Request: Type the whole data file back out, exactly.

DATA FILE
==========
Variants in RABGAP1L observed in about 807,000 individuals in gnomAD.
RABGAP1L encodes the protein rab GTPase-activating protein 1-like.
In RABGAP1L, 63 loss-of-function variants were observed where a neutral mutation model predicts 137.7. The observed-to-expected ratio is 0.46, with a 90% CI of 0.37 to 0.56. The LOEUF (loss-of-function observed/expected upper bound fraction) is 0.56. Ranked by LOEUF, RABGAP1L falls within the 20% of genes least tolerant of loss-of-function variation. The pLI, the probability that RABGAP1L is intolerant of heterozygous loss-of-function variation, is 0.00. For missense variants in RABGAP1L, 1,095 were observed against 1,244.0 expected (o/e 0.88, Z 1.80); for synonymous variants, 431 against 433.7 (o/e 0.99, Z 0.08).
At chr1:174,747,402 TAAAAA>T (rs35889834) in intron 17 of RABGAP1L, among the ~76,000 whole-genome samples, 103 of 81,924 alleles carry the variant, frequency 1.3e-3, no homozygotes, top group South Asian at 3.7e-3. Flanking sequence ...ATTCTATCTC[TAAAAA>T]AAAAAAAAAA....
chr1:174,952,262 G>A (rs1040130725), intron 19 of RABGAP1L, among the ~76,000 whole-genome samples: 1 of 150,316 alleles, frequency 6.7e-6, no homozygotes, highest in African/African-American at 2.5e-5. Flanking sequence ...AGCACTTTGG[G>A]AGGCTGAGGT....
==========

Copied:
Variants in RABGAP1L observed in about 807,000 individuals in gnomAD.
RABGAP1L encodes the protein rab GTPase-activating protein 1-like.
In RABGAP1L, 63 loss-of-function variants were observed where a neutral mutation model predicts 137.7. The observed-to-expected ratio is 0.46, with a 90% CI of 0.37 to 0.56. The LOEUF (loss-of-function observed/expected upper bound fraction) is 0.56. Ranked by LOEUF, RABGAP1L falls within the 20% of genes least tolerant of loss-of-function variation. The pLI, the probability that RABGAP1L is intolerant of heterozygous loss-of-function variation, is 0.00. For missense variants in RABGAP1L, 1,095 were observed against 1,244.0 expected (o/e 0.88, Z 1.80); for synonymous variants, 431 against 433.7 (o/e 0.99, Z 0.08).
At chr1:174,747,402 TAAAAA>T (rs35889834) in intron 17 of RABGAP1L, among the ~76,000 whole-genome samples, 103 of 81,924 alleles carry the variant, frequency 1.3e-3, no homozygotes, top group South Asian at 3.7e-3. Flanking sequence ...ATTCTATCTC[TAAAAA>T]AAAAAAAAAA....
chr1:174,952,262 G>A (rs1040130725), intron 19 of RABGAP1L, among the ~76,000 whole-genome samples: 1 of 150,316 alleles, frequency 6.7e-6, no homozygotes, highest in African/African-American at 2.5e-5. Flanking sequence ...AGCACTTTGG[G>A]AGGCTGAGGT....